From a research team in pursuit of better fuel efficiency to a performing arts program that uses dance to teach youth about nonviolence, a total of 235 organizations were awarded $137.1 million in grants from The William and Flora Hewlett Foundation this fall.
Organizations receiving grants ranged across the San Francisco Bay Area and throughout the world in the Foundation’s seven primary areas of interest: the environment, education, global development, performing arts, philanthropy, population and regional grants.
Among the highlights of the three-times-a-year announcements are:
Environment – Promoting Clean Energy Choices throughout the West
The Foundation’s Environment Program announced $22,069,800 in grants to fifty-five organizations, including $720,000 to Western Resource Advocates.
Western Resource Advocates is a leading energy policy and advocacy organization in the Rocky Mountain West. It will use the grant in part to demonstrate the benefits of a clean energy portfolio for economic development in rural communities at a time when the utility industry is pushing for the construction of new coal power plants. The Lawrence Berkeley National Laboratory will receive $200,000 to continue work to improve fuel efficiency by demonstrating that small vehicles can be designed to be as safe as larger, less fuel-efficient vehicles.
Education – Bringing Free Educational Materials to the World
The Education Program made $17,538,000 in grants to forty-five organizations. The new round of grants continues the program’s pioneering work in the Open Educational Resources movement, which brings free high-quality educational materials to the Internet, where users can reorganize, augment and republish course materials to suit their own needs. These grants included $2.25 million to Carnegie Mellon University for its Open Learning Initiative, which designs Internet-based courseware based on recent cognitive science, and $1.7 million to Rice University’s Connexions program, a previous Foundation grantee that now is turning its efforts to bringing digital textbooks to high-enrollment community college courses.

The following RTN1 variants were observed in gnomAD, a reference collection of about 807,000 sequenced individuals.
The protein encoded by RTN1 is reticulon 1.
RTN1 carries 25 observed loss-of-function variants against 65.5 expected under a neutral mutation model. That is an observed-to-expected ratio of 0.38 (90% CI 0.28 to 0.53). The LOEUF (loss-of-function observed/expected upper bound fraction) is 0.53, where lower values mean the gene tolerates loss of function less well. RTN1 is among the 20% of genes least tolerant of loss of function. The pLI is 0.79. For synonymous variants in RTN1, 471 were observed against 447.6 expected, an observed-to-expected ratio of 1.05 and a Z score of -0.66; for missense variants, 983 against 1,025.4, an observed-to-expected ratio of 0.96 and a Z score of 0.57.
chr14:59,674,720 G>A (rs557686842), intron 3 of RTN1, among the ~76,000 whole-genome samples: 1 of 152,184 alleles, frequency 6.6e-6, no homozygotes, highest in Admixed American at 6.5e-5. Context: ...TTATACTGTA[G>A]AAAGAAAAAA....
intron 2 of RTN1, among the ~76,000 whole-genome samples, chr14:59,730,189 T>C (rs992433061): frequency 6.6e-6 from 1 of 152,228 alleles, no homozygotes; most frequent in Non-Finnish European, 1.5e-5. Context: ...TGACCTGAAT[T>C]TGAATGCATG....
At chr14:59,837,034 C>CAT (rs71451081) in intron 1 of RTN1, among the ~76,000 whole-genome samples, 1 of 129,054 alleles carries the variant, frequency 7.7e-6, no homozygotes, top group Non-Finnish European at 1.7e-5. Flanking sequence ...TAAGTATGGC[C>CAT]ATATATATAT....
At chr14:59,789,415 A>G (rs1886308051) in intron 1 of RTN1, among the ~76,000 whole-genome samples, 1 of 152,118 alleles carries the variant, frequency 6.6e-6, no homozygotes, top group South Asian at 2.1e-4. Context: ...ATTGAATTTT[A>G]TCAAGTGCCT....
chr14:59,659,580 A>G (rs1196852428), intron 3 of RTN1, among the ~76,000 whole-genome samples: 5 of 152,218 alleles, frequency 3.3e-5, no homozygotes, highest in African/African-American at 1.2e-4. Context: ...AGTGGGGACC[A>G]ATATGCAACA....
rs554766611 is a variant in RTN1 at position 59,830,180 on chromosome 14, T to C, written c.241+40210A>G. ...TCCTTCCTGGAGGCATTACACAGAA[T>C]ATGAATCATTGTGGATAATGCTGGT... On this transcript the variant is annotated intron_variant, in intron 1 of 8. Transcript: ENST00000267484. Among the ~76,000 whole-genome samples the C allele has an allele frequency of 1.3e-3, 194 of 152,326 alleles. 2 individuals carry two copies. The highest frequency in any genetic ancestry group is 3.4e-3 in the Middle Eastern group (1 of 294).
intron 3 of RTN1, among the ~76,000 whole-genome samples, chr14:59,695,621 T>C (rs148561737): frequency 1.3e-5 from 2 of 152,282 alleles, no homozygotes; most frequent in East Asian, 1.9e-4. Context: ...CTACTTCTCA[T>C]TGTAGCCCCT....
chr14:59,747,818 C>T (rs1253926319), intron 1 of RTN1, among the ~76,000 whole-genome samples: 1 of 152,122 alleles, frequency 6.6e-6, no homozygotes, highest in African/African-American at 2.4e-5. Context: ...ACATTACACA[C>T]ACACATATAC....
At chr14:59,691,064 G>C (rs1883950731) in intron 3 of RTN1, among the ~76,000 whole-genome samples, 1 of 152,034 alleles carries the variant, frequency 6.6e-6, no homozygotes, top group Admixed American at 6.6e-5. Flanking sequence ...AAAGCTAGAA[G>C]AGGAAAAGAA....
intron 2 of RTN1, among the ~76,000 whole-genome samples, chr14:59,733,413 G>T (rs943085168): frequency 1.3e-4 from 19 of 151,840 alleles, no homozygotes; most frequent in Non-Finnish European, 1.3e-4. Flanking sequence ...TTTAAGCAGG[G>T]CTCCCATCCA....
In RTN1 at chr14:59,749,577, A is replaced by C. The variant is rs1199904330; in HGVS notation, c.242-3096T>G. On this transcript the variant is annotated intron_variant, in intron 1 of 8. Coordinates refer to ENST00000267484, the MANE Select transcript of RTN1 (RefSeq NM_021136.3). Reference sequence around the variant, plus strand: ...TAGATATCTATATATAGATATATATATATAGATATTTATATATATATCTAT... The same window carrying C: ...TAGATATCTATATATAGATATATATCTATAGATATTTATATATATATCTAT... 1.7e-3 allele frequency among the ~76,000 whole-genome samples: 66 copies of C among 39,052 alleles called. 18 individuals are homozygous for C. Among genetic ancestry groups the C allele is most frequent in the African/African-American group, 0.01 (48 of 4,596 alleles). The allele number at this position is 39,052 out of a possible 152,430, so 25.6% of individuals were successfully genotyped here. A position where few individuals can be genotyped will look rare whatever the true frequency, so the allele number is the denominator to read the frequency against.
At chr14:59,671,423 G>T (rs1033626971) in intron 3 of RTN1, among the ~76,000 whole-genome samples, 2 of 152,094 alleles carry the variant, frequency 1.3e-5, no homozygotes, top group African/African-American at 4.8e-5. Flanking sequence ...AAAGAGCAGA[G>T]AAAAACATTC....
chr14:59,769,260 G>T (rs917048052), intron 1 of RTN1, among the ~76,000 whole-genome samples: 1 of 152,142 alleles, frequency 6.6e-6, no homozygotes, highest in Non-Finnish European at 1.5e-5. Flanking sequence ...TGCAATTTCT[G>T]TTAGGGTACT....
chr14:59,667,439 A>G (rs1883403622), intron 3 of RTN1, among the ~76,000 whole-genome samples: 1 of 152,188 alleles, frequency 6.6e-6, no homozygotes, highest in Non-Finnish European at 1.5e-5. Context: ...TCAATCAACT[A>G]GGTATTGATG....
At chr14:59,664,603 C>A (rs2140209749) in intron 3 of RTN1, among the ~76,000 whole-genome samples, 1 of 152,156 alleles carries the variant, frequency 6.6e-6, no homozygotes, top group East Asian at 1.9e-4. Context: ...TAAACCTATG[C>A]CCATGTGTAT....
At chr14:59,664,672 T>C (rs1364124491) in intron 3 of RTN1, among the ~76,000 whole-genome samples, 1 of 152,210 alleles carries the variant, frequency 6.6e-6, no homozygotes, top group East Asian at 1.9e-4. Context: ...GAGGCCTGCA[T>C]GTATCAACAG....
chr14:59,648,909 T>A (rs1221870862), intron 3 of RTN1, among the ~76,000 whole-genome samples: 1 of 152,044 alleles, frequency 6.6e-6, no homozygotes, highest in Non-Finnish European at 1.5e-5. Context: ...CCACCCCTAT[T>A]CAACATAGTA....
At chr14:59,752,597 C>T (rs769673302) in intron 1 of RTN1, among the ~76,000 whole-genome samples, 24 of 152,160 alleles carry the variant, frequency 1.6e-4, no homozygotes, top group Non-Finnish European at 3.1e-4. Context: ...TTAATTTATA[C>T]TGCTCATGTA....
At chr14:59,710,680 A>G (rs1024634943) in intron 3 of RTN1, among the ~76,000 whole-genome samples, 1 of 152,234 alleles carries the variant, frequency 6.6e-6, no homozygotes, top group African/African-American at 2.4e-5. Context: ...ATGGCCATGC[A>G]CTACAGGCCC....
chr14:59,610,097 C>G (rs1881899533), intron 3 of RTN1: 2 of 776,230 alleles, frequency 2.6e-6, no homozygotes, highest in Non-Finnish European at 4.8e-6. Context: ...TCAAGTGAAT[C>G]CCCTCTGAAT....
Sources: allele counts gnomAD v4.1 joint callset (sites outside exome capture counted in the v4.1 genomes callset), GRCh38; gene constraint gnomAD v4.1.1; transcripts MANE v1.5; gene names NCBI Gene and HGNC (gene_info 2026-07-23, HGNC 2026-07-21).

Among other highlights of the Education Program is a grant of $2.75 million to the Hayward Unified School District to fund the district’s plans to help students in need of greater mastery of English to succeed in an academic environment.
Global Development – Encouraging Effectiveness in U.S. Foreign Aid
The Global Development Program made $18,057,521 in grants to twenty-nine organizations. A grant of $2.1 million to Oxfam America, the U.S. affiliate of the antipoverty organization Oxfam International, will be used to launch a new initiative to improve the effectiveness of U.S. foreign aid. The program also made a grant of Bread for the World to support advocacy for improvements to U.S. agricultural and foreign assistance policies that affect poor people in developing countries.
Performing Arts – Nurturing Cultural Diversity in the Bay Area
The Performing Arts Program, with its focus on performing arts in the San Francisco Bay Area, made $32,454,250 in grants to forty-seven organizations. The grants will be used for everything from general operating support to capital campaigns to research into arts education.